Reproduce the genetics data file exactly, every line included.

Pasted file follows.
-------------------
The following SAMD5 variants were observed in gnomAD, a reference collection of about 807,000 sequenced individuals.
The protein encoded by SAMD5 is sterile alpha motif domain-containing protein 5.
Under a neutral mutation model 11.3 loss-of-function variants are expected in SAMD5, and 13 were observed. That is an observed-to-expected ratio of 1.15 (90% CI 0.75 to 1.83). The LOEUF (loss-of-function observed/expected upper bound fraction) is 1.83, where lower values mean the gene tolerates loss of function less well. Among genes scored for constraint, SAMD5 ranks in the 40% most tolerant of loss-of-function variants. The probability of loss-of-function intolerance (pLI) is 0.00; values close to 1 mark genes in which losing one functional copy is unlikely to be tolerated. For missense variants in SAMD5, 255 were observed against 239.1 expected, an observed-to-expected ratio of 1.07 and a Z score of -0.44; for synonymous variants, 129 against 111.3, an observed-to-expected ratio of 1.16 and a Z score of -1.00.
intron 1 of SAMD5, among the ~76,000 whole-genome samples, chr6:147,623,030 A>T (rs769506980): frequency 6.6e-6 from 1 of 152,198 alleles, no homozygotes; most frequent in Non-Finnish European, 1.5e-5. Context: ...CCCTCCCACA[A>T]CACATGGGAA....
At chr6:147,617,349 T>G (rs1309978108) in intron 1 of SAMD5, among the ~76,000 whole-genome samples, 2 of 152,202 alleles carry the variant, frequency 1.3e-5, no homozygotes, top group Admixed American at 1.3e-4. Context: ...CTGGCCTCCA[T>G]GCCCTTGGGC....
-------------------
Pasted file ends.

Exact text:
The following SAMD5 variants were observed in gnomAD, a reference collection of about 807,000 sequenced individuals.
The protein encoded by SAMD5 is sterile alpha motif domain-containing protein 5.
Under a neutral mutation model 11.3 loss-of-function variants are expected in SAMD5, and 13 were observed. That is an observed-to-expected ratio of 1.15 (90% CI 0.75 to 1.83). The LOEUF (loss-of-function observed/expected upper bound fraction) is 1.83, where lower values mean the gene tolerates loss of function less well. Among genes scored for constraint, SAMD5 ranks in the 40% most tolerant of loss-of-function variants. The probability of loss-of-function intolerance (pLI) is 0.00; values close to 1 mark genes in which losing one functional copy is unlikely to be tolerated. For missense variants in SAMD5, 255 were observed against 239.1 expected, an observed-to-expected ratio of 1.07 and a Z score of -0.44; for synonymous variants, 129 against 111.3, an observed-to-expected ratio of 1.16 and a Z score of -1.00.
intron 1 of SAMD5, among the ~76,000 whole-genome samples, chr6:147,623,030 A>T (rs769506980): frequency 6.6e-6 from 1 of 152,198 alleles, no homozygotes; most frequent in Non-Finnish European, 1.5e-5. Context: ...CCCTCCCACA[A>T]CACATGGGAA....
At chr6:147,617,349 T>G (rs1309978108) in intron 1 of SAMD5, among the ~76,000 whole-genome samples, 2 of 152,202 alleles carry the variant, frequency 1.3e-5, no homozygotes, top group Admixed American at 1.3e-4. Context: ...CTGGCCTCCA[T>G]GCCCTTGGGC....